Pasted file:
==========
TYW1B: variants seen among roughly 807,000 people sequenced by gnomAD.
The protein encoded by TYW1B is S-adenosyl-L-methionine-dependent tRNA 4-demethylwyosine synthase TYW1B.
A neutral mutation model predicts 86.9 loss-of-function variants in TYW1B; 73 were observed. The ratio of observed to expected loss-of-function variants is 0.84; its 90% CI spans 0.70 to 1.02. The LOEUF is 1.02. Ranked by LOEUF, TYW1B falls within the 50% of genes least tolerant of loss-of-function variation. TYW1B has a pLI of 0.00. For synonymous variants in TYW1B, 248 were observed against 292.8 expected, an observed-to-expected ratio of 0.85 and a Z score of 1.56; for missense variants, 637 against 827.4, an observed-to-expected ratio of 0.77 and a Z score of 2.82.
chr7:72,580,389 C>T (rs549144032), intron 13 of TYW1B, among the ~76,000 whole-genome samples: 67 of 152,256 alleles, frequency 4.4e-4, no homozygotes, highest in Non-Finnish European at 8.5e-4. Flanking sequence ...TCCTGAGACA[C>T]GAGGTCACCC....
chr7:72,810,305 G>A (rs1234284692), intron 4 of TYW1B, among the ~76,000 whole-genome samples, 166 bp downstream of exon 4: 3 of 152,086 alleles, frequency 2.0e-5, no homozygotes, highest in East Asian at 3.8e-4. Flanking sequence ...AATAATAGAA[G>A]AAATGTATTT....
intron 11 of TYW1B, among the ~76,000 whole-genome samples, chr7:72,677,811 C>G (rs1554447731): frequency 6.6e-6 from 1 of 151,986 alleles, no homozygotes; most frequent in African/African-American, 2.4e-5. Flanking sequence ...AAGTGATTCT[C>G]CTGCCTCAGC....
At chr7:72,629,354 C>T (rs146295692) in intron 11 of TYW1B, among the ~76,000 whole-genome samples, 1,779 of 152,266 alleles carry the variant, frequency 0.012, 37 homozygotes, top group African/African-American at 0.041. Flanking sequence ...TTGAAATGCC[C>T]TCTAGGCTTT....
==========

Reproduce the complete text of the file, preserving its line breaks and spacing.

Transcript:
TYW1B: variants seen among roughly 807,000 people sequenced by gnomAD.
The protein encoded by TYW1B is S-adenosyl-L-methionine-dependent tRNA 4-demethylwyosine synthase TYW1B.
A neutral mutation model predicts 86.9 loss-of-function variants in TYW1B; 73 were observed. The ratio of observed to expected loss-of-function variants is 0.84; its 90% CI spans 0.70 to 1.02. The LOEUF is 1.02. Ranked by LOEUF, TYW1B falls within the 50% of genes least tolerant of loss-of-function variation. TYW1B has a pLI of 0.00. For synonymous variants in TYW1B, 248 were observed against 292.8 expected, an observed-to-expected ratio of 0.85 and a Z score of 1.56; for missense variants, 637 against 827.4, an observed-to-expected ratio of 0.77 and a Z score of 2.82.
chr7:72,580,389 C>T (rs549144032), intron 13 of TYW1B, among the ~76,000 whole-genome samples: 67 of 152,256 alleles, frequency 4.4e-4, no homozygotes, highest in Non-Finnish European at 8.5e-4. Flanking sequence ...TCCTGAGACA[C>T]GAGGTCACCC....
chr7:72,810,305 G>A (rs1234284692), intron 4 of TYW1B, among the ~76,000 whole-genome samples, 166 bp downstream of exon 4: 3 of 152,086 alleles, frequency 2.0e-5, no homozygotes, highest in East Asian at 3.8e-4. Flanking sequence ...AATAATAGAA[G>A]AAATGTATTT....
intron 11 of TYW1B, among the ~76,000 whole-genome samples, chr7:72,677,811 C>G (rs1554447731): frequency 6.6e-6 from 1 of 151,986 alleles, no homozygotes; most frequent in African/African-American, 2.4e-5. Flanking sequence ...AAGTGATTCT[C>G]CTGCCTCAGC....
At chr7:72,629,354 C>T (rs146295692) in intron 11 of TYW1B, among the ~76,000 whole-genome samples, 1,779 of 152,266 alleles carry the variant, frequency 0.012, 37 homozygotes, top group African/African-American at 0.041. Flanking sequence ...TTGAAATGCC[C>T]TCTAGGCTTT....